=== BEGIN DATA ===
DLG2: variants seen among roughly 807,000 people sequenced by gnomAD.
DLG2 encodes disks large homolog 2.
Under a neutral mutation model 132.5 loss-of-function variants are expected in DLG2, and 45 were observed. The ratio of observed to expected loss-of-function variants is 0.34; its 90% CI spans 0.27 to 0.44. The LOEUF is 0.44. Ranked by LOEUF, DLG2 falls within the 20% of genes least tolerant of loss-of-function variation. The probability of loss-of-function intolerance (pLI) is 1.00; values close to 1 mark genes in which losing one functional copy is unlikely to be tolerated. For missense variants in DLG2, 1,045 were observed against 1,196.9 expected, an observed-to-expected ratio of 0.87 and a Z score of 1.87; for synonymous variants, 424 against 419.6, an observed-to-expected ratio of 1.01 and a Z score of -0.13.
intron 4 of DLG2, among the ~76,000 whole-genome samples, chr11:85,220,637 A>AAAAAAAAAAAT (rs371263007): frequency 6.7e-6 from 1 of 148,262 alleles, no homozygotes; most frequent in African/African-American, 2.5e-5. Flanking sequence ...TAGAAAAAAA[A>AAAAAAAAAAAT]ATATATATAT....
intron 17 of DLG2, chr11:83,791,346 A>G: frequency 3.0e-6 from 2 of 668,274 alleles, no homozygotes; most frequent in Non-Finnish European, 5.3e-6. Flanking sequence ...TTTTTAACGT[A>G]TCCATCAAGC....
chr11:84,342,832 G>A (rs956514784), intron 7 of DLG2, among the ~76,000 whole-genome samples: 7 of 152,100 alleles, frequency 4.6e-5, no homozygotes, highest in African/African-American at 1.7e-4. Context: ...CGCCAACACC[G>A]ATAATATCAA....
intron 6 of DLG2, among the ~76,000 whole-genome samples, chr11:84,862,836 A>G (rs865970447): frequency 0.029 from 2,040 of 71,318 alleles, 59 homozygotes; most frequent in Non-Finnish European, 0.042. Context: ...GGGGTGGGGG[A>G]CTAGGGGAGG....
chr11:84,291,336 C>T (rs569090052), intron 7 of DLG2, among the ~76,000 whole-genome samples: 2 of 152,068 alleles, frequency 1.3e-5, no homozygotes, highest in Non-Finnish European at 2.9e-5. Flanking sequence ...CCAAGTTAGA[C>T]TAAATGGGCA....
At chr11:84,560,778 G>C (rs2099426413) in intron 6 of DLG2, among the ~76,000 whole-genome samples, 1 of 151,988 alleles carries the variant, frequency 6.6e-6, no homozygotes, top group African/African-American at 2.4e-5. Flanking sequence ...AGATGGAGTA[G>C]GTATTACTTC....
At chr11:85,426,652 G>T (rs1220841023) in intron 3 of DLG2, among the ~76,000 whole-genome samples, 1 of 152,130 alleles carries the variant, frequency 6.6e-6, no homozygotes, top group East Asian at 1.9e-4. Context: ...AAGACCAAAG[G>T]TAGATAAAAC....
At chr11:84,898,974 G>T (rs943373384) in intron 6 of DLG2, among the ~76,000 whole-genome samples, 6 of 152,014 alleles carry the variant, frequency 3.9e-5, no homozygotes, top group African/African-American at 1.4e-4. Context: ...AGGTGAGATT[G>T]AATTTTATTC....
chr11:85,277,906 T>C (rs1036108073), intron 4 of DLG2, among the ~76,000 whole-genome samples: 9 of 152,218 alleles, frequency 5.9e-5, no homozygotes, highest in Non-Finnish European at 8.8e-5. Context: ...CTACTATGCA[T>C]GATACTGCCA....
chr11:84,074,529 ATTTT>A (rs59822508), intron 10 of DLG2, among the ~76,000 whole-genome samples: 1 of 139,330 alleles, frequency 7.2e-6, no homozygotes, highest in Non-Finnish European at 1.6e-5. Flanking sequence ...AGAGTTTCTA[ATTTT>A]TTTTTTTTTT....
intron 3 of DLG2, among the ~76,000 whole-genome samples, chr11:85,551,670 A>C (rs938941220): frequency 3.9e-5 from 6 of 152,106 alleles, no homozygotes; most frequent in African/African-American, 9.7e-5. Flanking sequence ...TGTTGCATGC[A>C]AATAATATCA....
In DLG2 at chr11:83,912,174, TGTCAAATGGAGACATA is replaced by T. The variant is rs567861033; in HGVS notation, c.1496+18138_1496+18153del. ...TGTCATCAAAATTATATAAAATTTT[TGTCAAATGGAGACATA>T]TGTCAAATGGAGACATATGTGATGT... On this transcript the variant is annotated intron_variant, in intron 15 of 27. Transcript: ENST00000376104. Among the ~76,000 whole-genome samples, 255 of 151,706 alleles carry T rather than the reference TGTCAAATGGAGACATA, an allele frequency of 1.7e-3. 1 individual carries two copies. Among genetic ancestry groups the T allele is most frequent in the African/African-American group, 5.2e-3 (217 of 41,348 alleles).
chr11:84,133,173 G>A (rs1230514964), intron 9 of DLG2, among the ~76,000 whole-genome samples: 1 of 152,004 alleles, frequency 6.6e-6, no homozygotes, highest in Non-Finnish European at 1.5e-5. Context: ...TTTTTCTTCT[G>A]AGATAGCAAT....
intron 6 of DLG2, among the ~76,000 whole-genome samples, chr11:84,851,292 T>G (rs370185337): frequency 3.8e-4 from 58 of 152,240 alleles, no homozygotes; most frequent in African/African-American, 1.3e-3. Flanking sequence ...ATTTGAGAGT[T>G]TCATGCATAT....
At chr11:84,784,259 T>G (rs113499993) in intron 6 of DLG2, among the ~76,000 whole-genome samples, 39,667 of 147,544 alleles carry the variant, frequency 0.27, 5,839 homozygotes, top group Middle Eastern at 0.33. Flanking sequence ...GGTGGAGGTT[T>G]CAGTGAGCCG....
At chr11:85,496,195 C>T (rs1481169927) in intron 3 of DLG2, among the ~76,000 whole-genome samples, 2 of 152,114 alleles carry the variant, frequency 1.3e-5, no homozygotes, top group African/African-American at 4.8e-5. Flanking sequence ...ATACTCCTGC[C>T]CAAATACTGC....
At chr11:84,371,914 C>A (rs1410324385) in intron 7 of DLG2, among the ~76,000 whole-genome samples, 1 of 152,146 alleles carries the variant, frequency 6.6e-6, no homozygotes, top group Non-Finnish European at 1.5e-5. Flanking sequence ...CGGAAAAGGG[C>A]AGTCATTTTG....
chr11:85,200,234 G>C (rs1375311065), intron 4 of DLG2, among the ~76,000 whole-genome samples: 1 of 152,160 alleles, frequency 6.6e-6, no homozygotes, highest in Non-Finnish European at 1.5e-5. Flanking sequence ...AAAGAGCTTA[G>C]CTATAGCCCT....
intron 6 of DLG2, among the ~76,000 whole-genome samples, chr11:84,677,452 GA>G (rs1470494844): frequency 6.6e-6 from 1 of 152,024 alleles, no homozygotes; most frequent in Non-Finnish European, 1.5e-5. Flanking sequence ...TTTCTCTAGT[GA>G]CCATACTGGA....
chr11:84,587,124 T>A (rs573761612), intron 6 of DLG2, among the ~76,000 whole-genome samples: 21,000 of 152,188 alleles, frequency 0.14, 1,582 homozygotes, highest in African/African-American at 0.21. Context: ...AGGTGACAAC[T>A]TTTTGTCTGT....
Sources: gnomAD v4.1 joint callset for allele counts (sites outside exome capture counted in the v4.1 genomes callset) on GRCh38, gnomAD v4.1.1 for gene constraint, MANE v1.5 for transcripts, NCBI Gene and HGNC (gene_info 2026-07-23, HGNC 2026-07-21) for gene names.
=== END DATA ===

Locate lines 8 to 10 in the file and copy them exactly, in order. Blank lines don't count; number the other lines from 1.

chr11:84,291,336 C>T (rs569090052), intron 7 of DLG2, among the ~76,000 whole-genome samples: 2 of 152,068 alleles, frequency 1.3e-5, no homozygotes, highest in Non-Finnish European at 2.9e-5. Flanking sequence ...CCAAGTTAGA[C>T]TAAATGGGCA....
At chr11:84,560,778 G>C (rs2099426413) in intron 6 of DLG2, among the ~76,000 whole-genome samples, 1 of 151,988 alleles carries the variant, frequency 6.6e-6, no homozygotes, top group African/African-American at 2.4e-5. Flanking sequence ...AGATGGAGTA[G>C]GTATTACTTC....
At chr11:85,426,652 G>T (rs1220841023) in intron 3 of DLG2, among the ~76,000 whole-genome samples, 1 of 152,130 alleles carries the variant, frequency 6.6e-6, no homozygotes, top group East Asian at 1.9e-4. Context: ...AAGACCAAAG[G>T]TAGATAAAAC....